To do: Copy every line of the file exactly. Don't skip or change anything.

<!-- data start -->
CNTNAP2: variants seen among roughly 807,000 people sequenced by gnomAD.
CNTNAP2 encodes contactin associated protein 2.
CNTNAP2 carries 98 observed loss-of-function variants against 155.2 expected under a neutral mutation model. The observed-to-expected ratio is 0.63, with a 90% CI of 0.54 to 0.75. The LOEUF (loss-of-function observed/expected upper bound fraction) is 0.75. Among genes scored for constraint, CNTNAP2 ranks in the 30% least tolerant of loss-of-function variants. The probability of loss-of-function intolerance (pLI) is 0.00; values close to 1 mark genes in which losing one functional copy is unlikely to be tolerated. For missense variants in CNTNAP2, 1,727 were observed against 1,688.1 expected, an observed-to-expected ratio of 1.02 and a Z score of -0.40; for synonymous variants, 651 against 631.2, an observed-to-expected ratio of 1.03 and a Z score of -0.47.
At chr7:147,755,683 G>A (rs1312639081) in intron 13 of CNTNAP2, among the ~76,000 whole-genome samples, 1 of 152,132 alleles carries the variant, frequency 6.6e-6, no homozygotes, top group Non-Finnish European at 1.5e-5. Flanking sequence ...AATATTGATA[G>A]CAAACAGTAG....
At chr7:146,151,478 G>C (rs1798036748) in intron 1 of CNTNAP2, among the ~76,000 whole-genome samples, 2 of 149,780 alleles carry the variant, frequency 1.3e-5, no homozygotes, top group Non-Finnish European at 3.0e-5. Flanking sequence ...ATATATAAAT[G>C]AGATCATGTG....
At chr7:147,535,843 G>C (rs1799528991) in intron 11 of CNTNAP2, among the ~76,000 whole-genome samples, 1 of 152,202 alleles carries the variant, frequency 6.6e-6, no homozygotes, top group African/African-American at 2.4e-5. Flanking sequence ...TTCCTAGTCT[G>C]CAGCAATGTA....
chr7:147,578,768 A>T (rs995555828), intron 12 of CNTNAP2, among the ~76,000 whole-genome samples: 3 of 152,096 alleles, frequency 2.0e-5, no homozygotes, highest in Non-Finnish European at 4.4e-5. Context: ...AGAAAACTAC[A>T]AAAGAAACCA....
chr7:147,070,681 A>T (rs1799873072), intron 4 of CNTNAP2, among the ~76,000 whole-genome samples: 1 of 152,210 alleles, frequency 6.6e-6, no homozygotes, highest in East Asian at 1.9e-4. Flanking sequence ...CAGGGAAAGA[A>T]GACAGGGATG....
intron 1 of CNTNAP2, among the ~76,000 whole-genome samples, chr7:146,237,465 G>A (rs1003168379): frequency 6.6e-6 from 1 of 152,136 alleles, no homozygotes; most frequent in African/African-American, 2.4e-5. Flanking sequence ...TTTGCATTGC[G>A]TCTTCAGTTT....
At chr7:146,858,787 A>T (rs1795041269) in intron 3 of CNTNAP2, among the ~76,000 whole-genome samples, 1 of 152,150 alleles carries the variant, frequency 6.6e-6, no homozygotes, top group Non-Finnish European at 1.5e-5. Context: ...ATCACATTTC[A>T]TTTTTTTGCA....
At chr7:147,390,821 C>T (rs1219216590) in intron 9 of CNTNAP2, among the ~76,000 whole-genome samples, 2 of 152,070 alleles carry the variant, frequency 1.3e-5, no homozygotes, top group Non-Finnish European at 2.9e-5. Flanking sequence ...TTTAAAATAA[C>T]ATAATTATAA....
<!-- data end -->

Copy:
CNTNAP2: variants seen among roughly 807,000 people sequenced by gnomAD.
CNTNAP2 encodes contactin associated protein 2.
CNTNAP2 carries 98 observed loss-of-function variants against 155.2 expected under a neutral mutation model. The observed-to-expected ratio is 0.63, with a 90% CI of 0.54 to 0.75. The LOEUF (loss-of-function observed/expected upper bound fraction) is 0.75. Among genes scored for constraint, CNTNAP2 ranks in the 30% least tolerant of loss-of-function variants. The probability of loss-of-function intolerance (pLI) is 0.00; values close to 1 mark genes in which losing one functional copy is unlikely to be tolerated. For missense variants in CNTNAP2, 1,727 were observed against 1,688.1 expected, an observed-to-expected ratio of 1.02 and a Z score of -0.40; for synonymous variants, 651 against 631.2, an observed-to-expected ratio of 1.03 and a Z score of -0.47.
At chr7:147,755,683 G>A (rs1312639081) in intron 13 of CNTNAP2, among the ~76,000 whole-genome samples, 1 of 152,132 alleles carries the variant, frequency 6.6e-6, no homozygotes, top group Non-Finnish European at 1.5e-5. Flanking sequence ...AATATTGATA[G>A]CAAACAGTAG....
At chr7:146,151,478 G>C (rs1798036748) in intron 1 of CNTNAP2, among the ~76,000 whole-genome samples, 2 of 149,780 alleles carry the variant, frequency 1.3e-5, no homozygotes, top group Non-Finnish European at 3.0e-5. Flanking sequence ...ATATATAAAT[G>C]AGATCATGTG....
At chr7:147,535,843 G>C (rs1799528991) in intron 11 of CNTNAP2, among the ~76,000 whole-genome samples, 1 of 152,202 alleles carries the variant, frequency 6.6e-6, no homozygotes, top group African/African-American at 2.4e-5. Flanking sequence ...TTCCTAGTCT[G>C]CAGCAATGTA....
chr7:147,578,768 A>T (rs995555828), intron 12 of CNTNAP2, among the ~76,000 whole-genome samples: 3 of 152,096 alleles, frequency 2.0e-5, no homozygotes, highest in Non-Finnish European at 4.4e-5. Context: ...AGAAAACTAC[A>T]AAAGAAACCA....
chr7:147,070,681 A>T (rs1799873072), intron 4 of CNTNAP2, among the ~76,000 whole-genome samples: 1 of 152,210 alleles, frequency 6.6e-6, no homozygotes, highest in East Asian at 1.9e-4. Flanking sequence ...CAGGGAAAGA[A>T]GACAGGGATG....
intron 1 of CNTNAP2, among the ~76,000 whole-genome samples, chr7:146,237,465 G>A (rs1003168379): frequency 6.6e-6 from 1 of 152,136 alleles, no homozygotes; most frequent in African/African-American, 2.4e-5. Flanking sequence ...TTTGCATTGC[G>A]TCTTCAGTTT....
At chr7:146,858,787 A>T (rs1795041269) in intron 3 of CNTNAP2, among the ~76,000 whole-genome samples, 1 of 152,150 alleles carries the variant, frequency 6.6e-6, no homozygotes, top group Non-Finnish European at 1.5e-5. Context: ...ATCACATTTC[A>T]TTTTTTTGCA....
At chr7:147,390,821 C>T (rs1219216590) in intron 9 of CNTNAP2, among the ~76,000 whole-genome samples, 2 of 152,070 alleles carry the variant, frequency 1.3e-5, no homozygotes, top group Non-Finnish European at 2.9e-5. Flanking sequence ...TTTAAAATAA[C>T]ATAATTATAA....